The buried remains of the Maison Dieu were scheduled on 1st May 1970. A bank to the east and west and a series of earthworks up to 0.15m high were identified at this time. The tea rooms were destroyed by fire in 1988 and subsequently re-built. In 1990-2 sea defence and utility works were carried out and a shingle bank constructed to the east. Soil and rubble were dumped and levelled on the site, obscuring the earthworks. The car park is now (2015) surfaced in gravel with the Flora Tea Rooms, public toilets, a small gabled hut and a fenced refuse enclosure at the south, and a large shingle bank and fisherman’s huts to the east.
INVESTIGATION HISTORY In July 1988 a watching brief was carried out on the site during the construction of a new tea room. It identified the medieval foundation walls up to a depth of 0.9m below ground level. An oral testimony at this time, noted that human skeletons had been found just east of the tea rooms closely buried east to west in shallow graves. A further watching brief was carried out in 1996 during the excavation of a drainage trench at the south-west of the car park. It uncovered a possible medieval deposition layer between 0.2m and 0.5m thick that contained a range of finds (see below). In 2012 Wessex Archaeology excavated three trenches on the site for Channel 4’s Time Team. One trench was located along a grass verge on the south-west edge of the car park, whilst the two others were located just to the north of the tea rooms. Within the former, a medieval posthole and a possible floor surface were identified in association with numerous finds. Geophysical survey was carried out in an area north of the tea rooms and identified some areas of discrete resistance, including a possible buried surface, but was affected by disturbance from modern utilities. In July 2015 a small trench was excavated by Access Cambridge Archaeology on the grass verge at the south-west of the car park. A large amount of C12 to C14 pottery sherds were recovered, as well as smaller amounts of late medieval wares.
The buried remains of a medieval hospital. Partial excavation has recorded part of the foundations of the hospital. These include a flint, beach pebble, sandstone block and mortar wall, 0.8m wide, that extends north to south. To the west is a mortar layer running for about 4m at a depth of 0.6-0.9m. Cartographic and documentary evidence indicates that the foundations are part of a complex of at least three buildings, which are of rectangular plan, and constructed of stone and timber. A medieval floor surface and post hole have been uncovered at the south-west of the site. Inhumation burials have been identified in shallow graves, orientated east to west, at the east. A range of medieval finds have also been recovered including stone mouldings (such as a corbel block, decorated with a dog-tooth pattern), lime mortar or plaster, floor and roof tiles, window glass, C12 to C15 pottery sherds, charcoal, oyster shells and animal bones.
EXCLUSIONS The scheduling excludes: the Second World War concrete pillbox; all modern buildings and structures, including the late-C20 weatherboard gabled buildings, public toilets and fisherman’s huts; the surfaces of all modern roads, concrete hard-standings and pavements; telegraph or electricity poles; lamp posts; litter bins; benches and tables; collection boxes; signs and sign posts; fences and fence posts; gates and gate posts. However, the ground beneath all these features is included.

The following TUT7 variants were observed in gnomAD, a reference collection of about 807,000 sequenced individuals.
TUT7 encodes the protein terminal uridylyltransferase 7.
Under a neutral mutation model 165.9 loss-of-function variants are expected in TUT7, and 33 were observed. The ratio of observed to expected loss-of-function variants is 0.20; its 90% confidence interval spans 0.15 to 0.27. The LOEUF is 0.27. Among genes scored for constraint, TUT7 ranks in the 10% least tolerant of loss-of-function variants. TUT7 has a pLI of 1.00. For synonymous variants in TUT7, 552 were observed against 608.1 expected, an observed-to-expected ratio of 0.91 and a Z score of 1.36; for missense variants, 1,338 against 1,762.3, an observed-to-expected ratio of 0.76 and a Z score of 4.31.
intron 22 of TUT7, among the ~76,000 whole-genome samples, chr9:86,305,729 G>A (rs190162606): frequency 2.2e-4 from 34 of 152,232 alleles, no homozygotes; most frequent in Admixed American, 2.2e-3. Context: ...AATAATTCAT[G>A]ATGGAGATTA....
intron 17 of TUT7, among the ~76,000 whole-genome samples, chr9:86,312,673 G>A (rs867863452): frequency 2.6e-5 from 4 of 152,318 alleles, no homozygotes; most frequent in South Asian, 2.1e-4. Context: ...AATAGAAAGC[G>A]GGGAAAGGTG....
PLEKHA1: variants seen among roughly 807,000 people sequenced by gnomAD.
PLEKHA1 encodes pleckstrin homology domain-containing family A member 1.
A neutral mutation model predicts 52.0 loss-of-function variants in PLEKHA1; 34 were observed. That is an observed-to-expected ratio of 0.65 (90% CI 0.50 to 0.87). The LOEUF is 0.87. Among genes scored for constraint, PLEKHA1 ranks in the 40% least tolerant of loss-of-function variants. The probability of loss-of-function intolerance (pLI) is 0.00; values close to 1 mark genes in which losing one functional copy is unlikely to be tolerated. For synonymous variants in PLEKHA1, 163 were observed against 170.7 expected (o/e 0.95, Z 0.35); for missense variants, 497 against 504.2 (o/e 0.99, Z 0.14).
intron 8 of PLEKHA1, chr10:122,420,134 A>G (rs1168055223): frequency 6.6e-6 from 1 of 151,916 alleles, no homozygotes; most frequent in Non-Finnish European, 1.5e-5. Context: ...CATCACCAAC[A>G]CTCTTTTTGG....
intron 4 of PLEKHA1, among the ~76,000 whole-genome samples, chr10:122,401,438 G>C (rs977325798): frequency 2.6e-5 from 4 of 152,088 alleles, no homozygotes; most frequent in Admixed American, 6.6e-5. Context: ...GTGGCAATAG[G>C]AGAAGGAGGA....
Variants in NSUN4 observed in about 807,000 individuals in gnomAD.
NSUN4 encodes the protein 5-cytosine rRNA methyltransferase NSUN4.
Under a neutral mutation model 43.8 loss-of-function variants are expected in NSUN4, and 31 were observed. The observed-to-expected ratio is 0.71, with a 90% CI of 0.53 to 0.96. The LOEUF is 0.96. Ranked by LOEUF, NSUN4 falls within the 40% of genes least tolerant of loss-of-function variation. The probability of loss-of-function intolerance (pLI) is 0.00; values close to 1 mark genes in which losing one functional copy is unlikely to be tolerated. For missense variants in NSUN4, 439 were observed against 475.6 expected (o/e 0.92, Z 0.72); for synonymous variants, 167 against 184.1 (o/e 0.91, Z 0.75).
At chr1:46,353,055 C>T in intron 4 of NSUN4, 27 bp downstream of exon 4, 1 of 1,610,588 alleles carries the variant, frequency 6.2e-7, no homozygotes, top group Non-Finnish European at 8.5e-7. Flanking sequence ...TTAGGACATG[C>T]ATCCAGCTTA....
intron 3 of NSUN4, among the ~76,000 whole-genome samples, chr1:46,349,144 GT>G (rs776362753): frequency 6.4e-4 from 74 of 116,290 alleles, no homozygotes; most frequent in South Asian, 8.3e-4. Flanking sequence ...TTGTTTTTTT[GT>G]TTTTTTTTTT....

The contents of this record have been generated from a legacy data system.
Legacy System number: SF 142
Legacy System: RSM - OCN
Books and journals
Chant, K, The History of Dunwich, (1986)
Comfort, N, The Lost City of Dunwich, (1994)
Parker, R, Men of Dunwich: The story of a vanished town, (1979)
Blinkhorn, P, Pottery from Dunwich, Suffolk, accessed 18 November 2015 from http://www.access.arch.cam.ac.uk/reports/suffolk/dunwich-excavations/2015
British History Online – Victoria County History: A History of the County of Suffolk Volume 2 (edited by William Page) – Hospitals: Holy Trinity, Dunwich, accessed 2 November 2015 from https://www.british-history.ac.uk/vch/suff/vol2/pp137-138
Dunwich Museum Research Database, accessed 2 November 2015 from http://www.dunwichmuseum.org.uk/research/index.php
Suffolk County Council Archaeological Service Report: Excavation summary, plan and section, Keith Wade 26 July 1988 (1988)
Suffolk County Council Archaeological Service Report: Site of the Hospital of the Holy Trinity, Dunwich, Suffolk, Report No.96/7, DUN 006 (1996)
Suffolk County Council Historic Environment Record: Hospital of Holy Trinity: Maison Dieu Hospital, Monument No. DUN 006 – MSF1991
Wessex Archaeology, Dunwich, Suffolk: Time Team Archaeological Evaluation and Assessment of Results, Report No.77505 (2012)
This monument is scheduled under the Ancient Monuments and Archaeological Areas Act 1979 as amended as it appears to the Secretary of State to be of national importance. This entry is a copy, the original is held by the Department for Digital, Culture, Media and Sport.
End of official listing